Glasses held high, we’d toast good riddance to this bugaboo.
A vaccine would be our savior; we’d celebrate our derring-do.
But as summer rolled into fall of ‘21—my how the time flew!—
adolescent deaths began to accrue; there’d been a switcheroo!
But wait! Why is this so? Did we misconstrue what we knew?
Did Dr. Fauci not argue that the COVID flu would soon shoo?
Here is what happened, from my personal point of view, for you.
Reasons were two: one from science grew, another just shy of voodoo.
So true: A genetic variation of COVID had been playing peekaboo.
More virulent than its nephew, and on cue, this new flu wanted its due.
Soon, variant “D” began its coup, society askew, hospitals in need of rescue.
Dr. Fauci preached calm: D would meet its Waterloo and rue its debut.
Three vaccines arrived thereto, their makers touting their breakthrough:
Pfizer, Moderna, and J&J too, had a rendezvous; variant D they’d subdue.
The devil’s in the brew, and so it’s true; a rogue view came into the slew.
It’s true—I kid not you—some came to eschew the miracle creation so new.
They’d refuse their injections long overdue, no matter the positive review.
“Why do you argue, why do you pooh pooh?” asked journalists anew.
Reasons—often absurd and nearly all untrue—filled their misguided spew.
The unvaccinated naysayers held to their view, no matter their miscue.
“If I want to risk my life, what’s it to you? Isn’t that my choice? Screw You!”
Recognizing the deja vu of a contagious, deadly flu, to them seemed taboo.
So what do we do? Does the greater good not outweigh our personal view?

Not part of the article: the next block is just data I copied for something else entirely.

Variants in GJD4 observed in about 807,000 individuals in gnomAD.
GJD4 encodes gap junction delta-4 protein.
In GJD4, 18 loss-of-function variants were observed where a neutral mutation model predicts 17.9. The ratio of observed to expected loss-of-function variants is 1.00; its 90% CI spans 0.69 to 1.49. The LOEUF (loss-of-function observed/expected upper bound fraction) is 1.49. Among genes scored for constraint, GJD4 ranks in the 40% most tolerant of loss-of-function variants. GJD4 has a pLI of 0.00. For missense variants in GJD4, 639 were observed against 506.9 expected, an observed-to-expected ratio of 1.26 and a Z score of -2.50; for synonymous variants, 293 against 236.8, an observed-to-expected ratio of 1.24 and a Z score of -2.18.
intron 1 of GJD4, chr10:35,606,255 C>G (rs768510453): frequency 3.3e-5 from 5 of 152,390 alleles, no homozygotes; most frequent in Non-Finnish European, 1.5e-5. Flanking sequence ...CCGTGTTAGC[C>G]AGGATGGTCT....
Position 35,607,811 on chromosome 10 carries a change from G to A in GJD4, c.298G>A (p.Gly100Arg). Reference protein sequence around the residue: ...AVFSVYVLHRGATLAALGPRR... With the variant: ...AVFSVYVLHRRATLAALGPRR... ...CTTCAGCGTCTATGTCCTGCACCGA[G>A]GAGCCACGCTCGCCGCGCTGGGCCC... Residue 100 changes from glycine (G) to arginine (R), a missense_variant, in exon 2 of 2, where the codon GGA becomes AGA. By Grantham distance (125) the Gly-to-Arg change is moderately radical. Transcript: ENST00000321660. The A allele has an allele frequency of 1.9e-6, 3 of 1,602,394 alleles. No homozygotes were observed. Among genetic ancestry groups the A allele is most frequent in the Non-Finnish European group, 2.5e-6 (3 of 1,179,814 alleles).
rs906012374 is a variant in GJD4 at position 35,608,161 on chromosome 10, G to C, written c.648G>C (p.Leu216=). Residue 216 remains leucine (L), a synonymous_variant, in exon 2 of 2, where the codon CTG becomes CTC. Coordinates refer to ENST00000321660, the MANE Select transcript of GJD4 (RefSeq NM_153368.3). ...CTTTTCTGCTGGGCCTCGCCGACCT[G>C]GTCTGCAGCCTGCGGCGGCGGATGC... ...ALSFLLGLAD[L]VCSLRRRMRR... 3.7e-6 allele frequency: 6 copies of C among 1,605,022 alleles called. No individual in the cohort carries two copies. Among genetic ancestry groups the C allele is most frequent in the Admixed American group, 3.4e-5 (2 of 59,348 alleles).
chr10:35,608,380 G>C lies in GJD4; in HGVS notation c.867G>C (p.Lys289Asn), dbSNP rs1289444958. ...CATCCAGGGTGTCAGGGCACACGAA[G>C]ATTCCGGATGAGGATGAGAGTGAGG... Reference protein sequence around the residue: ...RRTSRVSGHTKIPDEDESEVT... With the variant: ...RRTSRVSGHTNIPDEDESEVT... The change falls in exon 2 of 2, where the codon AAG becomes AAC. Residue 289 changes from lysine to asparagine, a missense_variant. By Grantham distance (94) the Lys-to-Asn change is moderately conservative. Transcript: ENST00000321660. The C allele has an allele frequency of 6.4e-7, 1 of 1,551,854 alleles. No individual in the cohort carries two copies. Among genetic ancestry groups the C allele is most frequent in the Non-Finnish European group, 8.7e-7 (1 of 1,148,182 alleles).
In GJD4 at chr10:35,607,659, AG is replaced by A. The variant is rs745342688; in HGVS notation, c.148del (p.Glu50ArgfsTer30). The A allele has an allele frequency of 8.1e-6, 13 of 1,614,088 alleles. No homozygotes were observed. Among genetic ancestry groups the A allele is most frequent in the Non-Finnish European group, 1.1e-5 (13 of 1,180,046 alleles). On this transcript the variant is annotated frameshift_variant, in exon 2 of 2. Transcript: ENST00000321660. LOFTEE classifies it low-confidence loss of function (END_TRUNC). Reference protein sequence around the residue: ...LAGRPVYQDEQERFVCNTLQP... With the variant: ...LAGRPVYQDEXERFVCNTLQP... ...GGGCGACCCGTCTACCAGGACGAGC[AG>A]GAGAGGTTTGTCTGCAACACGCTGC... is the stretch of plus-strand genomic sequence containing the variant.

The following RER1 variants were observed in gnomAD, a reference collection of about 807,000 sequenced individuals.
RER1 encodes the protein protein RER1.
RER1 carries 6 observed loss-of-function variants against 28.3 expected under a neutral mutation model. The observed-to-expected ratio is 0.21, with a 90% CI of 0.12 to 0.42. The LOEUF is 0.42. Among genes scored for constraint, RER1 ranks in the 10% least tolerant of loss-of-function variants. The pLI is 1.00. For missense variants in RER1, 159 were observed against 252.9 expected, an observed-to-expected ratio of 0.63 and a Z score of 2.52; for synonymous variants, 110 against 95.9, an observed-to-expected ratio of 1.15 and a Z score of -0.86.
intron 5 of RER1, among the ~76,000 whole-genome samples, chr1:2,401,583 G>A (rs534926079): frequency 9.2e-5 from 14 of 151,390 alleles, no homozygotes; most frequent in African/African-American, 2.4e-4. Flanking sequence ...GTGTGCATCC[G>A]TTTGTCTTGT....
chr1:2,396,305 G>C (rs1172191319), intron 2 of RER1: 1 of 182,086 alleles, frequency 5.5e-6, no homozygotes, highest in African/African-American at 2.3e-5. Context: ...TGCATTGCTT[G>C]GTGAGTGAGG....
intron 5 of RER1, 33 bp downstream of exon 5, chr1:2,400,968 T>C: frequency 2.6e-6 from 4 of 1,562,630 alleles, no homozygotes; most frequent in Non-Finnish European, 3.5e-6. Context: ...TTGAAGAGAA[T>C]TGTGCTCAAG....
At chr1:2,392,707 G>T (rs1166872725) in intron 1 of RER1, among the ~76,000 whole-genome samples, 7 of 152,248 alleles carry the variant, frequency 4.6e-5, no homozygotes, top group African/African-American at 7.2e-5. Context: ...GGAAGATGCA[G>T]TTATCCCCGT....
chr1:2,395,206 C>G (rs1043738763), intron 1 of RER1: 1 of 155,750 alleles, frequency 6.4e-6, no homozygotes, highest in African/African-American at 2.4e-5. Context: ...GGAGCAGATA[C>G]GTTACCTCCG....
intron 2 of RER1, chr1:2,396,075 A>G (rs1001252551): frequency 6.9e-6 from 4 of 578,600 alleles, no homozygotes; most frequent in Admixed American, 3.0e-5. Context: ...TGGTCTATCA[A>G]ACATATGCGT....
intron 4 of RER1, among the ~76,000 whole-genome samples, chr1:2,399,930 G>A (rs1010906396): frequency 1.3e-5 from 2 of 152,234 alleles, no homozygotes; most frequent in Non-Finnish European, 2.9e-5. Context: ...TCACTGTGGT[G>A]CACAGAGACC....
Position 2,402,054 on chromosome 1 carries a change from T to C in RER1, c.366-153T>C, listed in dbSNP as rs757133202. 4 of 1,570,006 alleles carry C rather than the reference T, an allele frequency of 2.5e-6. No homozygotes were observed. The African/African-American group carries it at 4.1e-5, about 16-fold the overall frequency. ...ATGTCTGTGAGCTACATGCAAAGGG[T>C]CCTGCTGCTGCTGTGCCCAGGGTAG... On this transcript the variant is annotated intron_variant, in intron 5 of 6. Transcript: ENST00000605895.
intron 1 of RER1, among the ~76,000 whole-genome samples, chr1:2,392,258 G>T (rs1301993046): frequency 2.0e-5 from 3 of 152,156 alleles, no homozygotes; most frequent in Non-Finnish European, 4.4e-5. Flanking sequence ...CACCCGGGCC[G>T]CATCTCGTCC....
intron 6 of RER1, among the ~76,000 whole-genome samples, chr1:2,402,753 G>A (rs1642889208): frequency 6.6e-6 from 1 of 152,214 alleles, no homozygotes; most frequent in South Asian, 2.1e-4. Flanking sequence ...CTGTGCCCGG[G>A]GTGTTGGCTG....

A solution is beyond this purview, but perhaps religion can offer a preview.
Might those in charge of the hereafter offer a clue to those in the queue?
“What do you think Jesus, Mohammed, or the Buddha would do?” Et tu?
Memories of—and Lessons Learned from—my Mother, Ottilie Tag
My mother, Ottilie Tag, known to her friends as Tillie, died of natural causes not related to COVID this past Monday, the 28th of December 2020. She had turned 97 the previous day.
I’d like to tell you first about the family Mom came from. By knowing her upbringing, you’ll know more about Tillie, the person.
My mother came from a generation that grew up during the 1930’s and 1940’s. She was one of six children. In 1913, Grandma and Grandpa Kern (her parents) had immigrated to Pennsylvania from what was then Russia—although they considered themselves German. They had three boys and three girls: my Uncles August, Gus, and Julius, and Aunts Susie and Hilda. Mom was the last to go—Aunt Hilda died just a few weeks earlier, on December 7th. Uncle Gus had been killed fighting in North Africa during World War II.
Mom and her family grew up on a farm during the Depression, leading up to World War II. Tom Brokaw referred to that generation in the title of his book, The Greatest Generation. By today’s standards, and perhaps even then, Mom’s family was poor. The advantage of living on a farm was that they always had something to eat. Working on the farm was demanding, daily work. And, as Mom told it, once the boys left for World War II, she and her mother inherited all of their farm responsibilities. At Mom’s seventieth birthday, my brother Keven said that what he admired most was her strong work ethic. I have no doubt that came from her years on the farm.
So, what, specifically, did I learn from Mom? Many things, of course, but I’d like to tell you about three that have indeed shaped my life to this day.